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Tuesday, October 25, 2016
Pope calls for dialogue and tolerance in Tibet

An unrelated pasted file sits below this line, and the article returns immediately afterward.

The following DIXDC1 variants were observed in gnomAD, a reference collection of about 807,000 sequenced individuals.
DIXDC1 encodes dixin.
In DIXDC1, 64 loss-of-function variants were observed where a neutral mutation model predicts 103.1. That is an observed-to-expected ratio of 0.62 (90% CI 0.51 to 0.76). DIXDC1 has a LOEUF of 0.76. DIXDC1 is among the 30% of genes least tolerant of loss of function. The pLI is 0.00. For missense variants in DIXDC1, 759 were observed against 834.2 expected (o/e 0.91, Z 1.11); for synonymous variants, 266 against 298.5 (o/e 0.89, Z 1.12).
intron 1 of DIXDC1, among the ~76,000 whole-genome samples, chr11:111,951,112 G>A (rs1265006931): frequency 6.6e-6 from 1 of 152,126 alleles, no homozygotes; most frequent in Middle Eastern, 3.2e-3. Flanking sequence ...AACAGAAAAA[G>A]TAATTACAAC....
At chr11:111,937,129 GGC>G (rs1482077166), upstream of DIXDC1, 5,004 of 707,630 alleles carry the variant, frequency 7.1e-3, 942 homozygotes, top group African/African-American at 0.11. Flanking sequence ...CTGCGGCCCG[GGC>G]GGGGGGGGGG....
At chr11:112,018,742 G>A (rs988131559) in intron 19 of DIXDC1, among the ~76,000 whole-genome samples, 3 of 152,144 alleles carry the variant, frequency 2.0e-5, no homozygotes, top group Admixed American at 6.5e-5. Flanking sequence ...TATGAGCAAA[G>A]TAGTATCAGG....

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 Pope Benedict XVI yesterday called for an end to violence in Tibet. He told thousands of pilgrims attending his general audience in St Peter's Square: "Violence does not resolve problems, it only aggravates them." The Pope said he had been following events in Tibet "with great trepidation" and urged all sides "to have the courage to choose the path of dialogue and tolerance". China, which has deployed a massive security force to suppress protests in Tibet, said yesterday it was in a "life or death struggle" over the region it has ruled for 57 years. Since Communist China invaded Tibet in 1951, they have systematically destroyed historic temples and monasteries and forced Buddhist monks and nuns to undergo 're-education' in prison camps. At the same time they have carried out a policy of encouraging Chinese to move into the region. While there are about five million indigenous Tibetans, there are now an estimated six million Chinese living in Tibet. The Chinese claim 13 people have been killed in the rioting in Lhasa. Tibetans in exile say scores if not hundreds have lost their lives and many more have been injured and have not received medical help. Relations between the Vatican and China have been difficult for many years, although the number of Chinese Catholics (along with other Christian denominations) is growing rapidly. Beijing severed ties with the Vatican in 1951 over the Holy See's diplomatic recognition of Taiwan. In 1957, China set up the Patriotic Association to formally oversee an officially approved Catholic Church. But many thousands of Catholics remain loyal to Rome. These 'underground' Churches and their bishops, priests and religious have suffered persecution and imprisonment from time to time, but in recent years more have been allowed to practice relatively freely. Last year a new bishop in Guangdong, southern China, was ordained with the Vatican's approval. The Tibetan spiritual leader the Dalai Lama and the Pope met in October 2006. The Dalai Lama had eight meetings with Pope John Paul II. Source: VIS/FT
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